A number of events in the 1990s shook Japan’s sense of security and has led to a re-thinking of security issues in a number of ways. In particular, the revelation in 1993 that North Korea was pursuing a nuclear weapons capability, followed by the North Korean firing of a Taepodong 2 missile over Japan in 1998, had a profound impact on Japanese threat perception. In 1997, Japan and the U.S. negotiated new guidelines to govern the alliance under the U.S. Japan Security Treaty (the 1997 Guidelines ), which extended the sphere within which the Japanese Self-Defence Forces (the SDF) might be required to operate in cooperation with U.S. forces.

In the post-9/11 world, Japan has come under increasing pressure from the U.S. to contribute further to American security interests. This has included strong pressure on Japan to participate in U.S. ballistic missile defence (BMD) systems. After considerable debate and in the face of some significant internal criticism, the Japanese government agreed to participate in the development of the U.S. BMD shield, and is in the process of developing a two tiered system, comprising of a sea-based SM-3 atmospheric defence system, and a land-based PAC-3 patriot missile lower level defence system. Japan has successfully tested its SM-3system in the shooting down of a ballistic missile in space in December, 2007 .


The current move provides authority for the use of outer space for the purposes of national security, and is yet another step in what may be seen as a steady erosion of the constraints on the scope and nature of Japanese military activity. Japan sent the SDF abroad for the first time to support “anti-terrorism” operations in Afghanistan in 2002. This was followed by an unprecedented deployment of SDF forces to provide support in a combat zone, with the dispatch of 400 troops and three planes to Iraq in 2003. Japan even launched military spy satellites in 2003, notwithstanding the 1969 Resolution, to monitor North Korean activities.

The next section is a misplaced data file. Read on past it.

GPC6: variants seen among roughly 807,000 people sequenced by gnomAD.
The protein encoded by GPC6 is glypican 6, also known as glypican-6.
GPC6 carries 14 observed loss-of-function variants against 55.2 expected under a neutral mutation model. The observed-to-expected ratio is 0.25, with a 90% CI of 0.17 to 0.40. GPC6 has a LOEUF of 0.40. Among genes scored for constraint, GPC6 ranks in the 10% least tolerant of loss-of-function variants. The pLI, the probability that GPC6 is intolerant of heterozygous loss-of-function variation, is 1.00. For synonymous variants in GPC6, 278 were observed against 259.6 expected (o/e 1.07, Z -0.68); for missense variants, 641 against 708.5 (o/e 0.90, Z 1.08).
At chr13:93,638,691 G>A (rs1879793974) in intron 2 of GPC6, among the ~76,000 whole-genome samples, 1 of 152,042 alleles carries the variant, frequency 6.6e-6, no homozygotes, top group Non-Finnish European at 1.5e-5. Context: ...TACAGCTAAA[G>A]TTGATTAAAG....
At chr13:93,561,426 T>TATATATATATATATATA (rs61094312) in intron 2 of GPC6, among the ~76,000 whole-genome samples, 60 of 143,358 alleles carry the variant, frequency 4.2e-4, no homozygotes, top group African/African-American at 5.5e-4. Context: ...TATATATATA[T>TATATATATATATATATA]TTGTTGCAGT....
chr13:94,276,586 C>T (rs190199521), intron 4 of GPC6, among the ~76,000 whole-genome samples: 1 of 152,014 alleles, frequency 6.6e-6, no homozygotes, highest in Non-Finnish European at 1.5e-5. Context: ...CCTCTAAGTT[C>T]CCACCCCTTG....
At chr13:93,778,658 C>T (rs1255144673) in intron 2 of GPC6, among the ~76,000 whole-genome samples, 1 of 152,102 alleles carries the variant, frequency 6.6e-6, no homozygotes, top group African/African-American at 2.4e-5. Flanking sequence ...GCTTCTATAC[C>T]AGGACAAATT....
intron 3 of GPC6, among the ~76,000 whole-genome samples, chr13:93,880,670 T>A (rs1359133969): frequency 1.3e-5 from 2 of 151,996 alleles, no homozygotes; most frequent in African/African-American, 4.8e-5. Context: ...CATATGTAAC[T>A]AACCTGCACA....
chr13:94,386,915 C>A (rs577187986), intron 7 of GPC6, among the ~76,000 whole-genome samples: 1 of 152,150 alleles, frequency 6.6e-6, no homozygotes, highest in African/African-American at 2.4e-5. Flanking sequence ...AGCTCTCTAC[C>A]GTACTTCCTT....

All of this has led to considerable debate within the country over the extent to which these developments are contrary to Article 9. One question that received particular attention within the BMD debate, was whether the Japanese interception of a ballistic missile that was targeting the U.S. or U.S. forces not within Japanese territory, would be a violation of the prohibition on the use of force for the purposes of collective self-defence. Similarly, after yet another series of North Korean missile tests in 2006, there was discussion of whether the right of self-defence extended to pre-emptive strikes against missile sites poised for an attack on Japan. There was even talk of re-interpreting the Constitution, and all these scenarios, including that of “reinterpreting” the Constitution are inconsistent with the provisions of the Constitution itself.

The new Basic Law on Space, while asserting the requirement to comply with the Constitution, as well as the peaceful-use provisions in the U.N. Space Treaty (Art. IV of the Space Treaty), clearly provides that the use of space may be used to contribute to the national security of Japan (Art. III of the Basic Law). Moreover, the Basic Law on Space provides for the development of a space strategy and the establishment of institutional oversight of the program centered in the prime minister’s office.

This needs to be considered in the context of the language of the 1997 Guidelines, which specified that U.S.-Japanese cooperation could extend to “situations surrounding Japan”, a term that was explained at the time as being conceptual rather than geographic. In other words, the scope for Japanese support of U.S. military activity, and the area in which it was authorized to act for its own defence, was ambiguously and circularly defined as being anywhere in which there were circumstances that might trigger Japanese security requirements. Now, with the Basic Law on Space, the “situations surrounding Japan” for such purposes has been extended to outer space.

In addition to North Korea’s attempts in July 2006 to test a Taepodong 2 missile, with a range that could reach the continental U.S., the Chinese recently surprised the world last year by testing its own satellite-killer capabilities. Now, with Japan opening the door to developing its own military space program, the potential for an escalating arms race in space among the East Asian neighbors has become all the more real.